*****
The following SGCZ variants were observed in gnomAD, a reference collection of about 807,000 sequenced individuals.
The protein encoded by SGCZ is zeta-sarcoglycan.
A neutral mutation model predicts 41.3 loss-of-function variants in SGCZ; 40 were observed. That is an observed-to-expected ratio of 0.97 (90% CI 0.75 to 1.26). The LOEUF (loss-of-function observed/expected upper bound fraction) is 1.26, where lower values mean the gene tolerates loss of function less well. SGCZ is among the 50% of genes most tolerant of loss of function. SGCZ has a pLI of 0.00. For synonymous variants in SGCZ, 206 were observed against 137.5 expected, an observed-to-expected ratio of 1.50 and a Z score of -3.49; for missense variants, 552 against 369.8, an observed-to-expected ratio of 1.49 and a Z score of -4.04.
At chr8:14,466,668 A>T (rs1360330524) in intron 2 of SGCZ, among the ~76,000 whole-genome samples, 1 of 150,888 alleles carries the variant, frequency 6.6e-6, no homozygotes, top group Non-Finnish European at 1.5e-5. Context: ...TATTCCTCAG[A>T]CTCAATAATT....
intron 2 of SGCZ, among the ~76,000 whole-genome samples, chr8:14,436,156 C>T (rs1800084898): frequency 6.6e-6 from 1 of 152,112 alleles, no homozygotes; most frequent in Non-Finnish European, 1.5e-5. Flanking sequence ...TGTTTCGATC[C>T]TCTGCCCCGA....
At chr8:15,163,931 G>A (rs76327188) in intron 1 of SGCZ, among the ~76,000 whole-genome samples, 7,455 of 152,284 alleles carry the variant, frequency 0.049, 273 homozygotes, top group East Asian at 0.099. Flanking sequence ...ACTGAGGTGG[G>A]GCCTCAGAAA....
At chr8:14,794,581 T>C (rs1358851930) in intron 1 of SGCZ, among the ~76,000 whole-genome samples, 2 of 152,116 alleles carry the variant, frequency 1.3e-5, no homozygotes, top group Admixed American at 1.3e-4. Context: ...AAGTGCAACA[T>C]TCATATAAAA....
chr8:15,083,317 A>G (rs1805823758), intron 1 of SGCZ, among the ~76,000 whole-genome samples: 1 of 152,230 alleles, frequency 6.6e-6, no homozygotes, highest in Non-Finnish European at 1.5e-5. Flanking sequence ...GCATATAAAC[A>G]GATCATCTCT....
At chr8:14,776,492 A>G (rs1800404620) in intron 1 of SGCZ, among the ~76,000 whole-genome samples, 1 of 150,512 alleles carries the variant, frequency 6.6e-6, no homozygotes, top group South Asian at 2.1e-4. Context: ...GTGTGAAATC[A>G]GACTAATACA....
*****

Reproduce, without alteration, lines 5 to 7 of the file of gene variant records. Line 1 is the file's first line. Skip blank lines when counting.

intron 2 of SGCZ, among the ~76,000 whole-genome samples, chr8:14,436,156 C>T (rs1800084898): frequency 6.6e-6 from 1 of 152,112 alleles, no homozygotes; most frequent in Non-Finnish European, 1.5e-5. Flanking sequence ...TGTTTCGATC[C>T]TCTGCCCCGA....
At chr8:15,163,931 G>A (rs76327188) in intron 1 of SGCZ, among the ~76,000 whole-genome samples, 7,455 of 152,284 alleles carry the variant, frequency 0.049, 273 homozygotes, top group East Asian at 0.099. Flanking sequence ...ACTGAGGTGG[G>A]GCCTCAGAAA....
At chr8:14,794,581 T>C (rs1358851930) in intron 1 of SGCZ, among the ~76,000 whole-genome samples, 2 of 152,116 alleles carry the variant, frequency 1.3e-5, no homozygotes, top group Admixed American at 1.3e-4. Context: ...AAGTGCAACA[T>C]TCATATAAAA....